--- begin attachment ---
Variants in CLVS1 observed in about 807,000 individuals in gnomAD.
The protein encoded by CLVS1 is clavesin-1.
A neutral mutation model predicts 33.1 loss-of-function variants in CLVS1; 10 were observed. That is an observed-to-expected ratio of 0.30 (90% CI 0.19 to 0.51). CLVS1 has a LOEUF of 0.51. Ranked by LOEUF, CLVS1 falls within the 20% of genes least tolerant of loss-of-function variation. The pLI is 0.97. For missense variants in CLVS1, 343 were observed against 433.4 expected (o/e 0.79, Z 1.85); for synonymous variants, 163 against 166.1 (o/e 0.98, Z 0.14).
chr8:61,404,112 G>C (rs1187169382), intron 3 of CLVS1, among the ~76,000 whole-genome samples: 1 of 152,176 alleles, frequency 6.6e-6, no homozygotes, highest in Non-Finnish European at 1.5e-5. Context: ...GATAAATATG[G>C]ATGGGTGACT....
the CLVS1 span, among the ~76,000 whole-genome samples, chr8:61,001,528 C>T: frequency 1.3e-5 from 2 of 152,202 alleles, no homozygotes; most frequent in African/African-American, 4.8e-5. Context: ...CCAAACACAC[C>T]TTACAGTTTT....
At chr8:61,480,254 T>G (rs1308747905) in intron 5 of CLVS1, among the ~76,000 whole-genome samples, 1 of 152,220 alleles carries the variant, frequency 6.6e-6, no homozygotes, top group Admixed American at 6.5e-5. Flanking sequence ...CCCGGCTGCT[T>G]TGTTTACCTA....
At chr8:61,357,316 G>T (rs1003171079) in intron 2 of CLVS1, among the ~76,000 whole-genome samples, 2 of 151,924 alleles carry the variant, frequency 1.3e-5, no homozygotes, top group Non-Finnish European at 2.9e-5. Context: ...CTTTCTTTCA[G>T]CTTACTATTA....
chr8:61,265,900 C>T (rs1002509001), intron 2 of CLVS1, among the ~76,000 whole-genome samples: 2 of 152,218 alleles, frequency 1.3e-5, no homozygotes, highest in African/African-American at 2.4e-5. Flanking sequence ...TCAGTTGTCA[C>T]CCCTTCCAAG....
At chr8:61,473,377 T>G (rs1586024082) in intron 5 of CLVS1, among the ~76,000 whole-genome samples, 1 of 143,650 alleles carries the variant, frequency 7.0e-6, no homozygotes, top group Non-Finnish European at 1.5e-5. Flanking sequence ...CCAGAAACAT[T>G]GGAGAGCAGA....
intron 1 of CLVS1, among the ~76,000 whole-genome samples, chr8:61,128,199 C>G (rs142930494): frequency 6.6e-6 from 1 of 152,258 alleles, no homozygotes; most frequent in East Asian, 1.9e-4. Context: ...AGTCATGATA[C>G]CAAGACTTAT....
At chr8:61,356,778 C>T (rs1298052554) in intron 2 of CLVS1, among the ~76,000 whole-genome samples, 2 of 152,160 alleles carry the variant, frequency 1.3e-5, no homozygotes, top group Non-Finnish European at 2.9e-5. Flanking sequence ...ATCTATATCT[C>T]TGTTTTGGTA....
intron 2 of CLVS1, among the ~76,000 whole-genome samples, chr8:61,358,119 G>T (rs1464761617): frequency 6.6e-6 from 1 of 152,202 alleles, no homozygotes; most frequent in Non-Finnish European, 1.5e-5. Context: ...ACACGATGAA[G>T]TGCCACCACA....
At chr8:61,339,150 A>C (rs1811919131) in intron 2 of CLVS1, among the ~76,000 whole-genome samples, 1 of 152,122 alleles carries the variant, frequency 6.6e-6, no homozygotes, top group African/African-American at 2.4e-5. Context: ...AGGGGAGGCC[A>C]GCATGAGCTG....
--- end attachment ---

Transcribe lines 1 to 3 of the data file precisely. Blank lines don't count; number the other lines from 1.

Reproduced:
Variants in CLVS1 observed in about 807,000 individuals in gnomAD.
The protein encoded by CLVS1 is clavesin-1.
A neutral mutation model predicts 33.1 loss-of-function variants in CLVS1; 10 were observed. That is an observed-to-expected ratio of 0.30 (90% CI 0.19 to 0.51). CLVS1 has a LOEUF of 0.51. Ranked by LOEUF, CLVS1 falls within the 20% of genes least tolerant of loss-of-function variation. The pLI is 0.97. For missense variants in CLVS1, 343 were observed against 433.4 expected (o/e 0.79, Z 1.85); for synonymous variants, 163 against 166.1 (o/e 0.98, Z 0.14).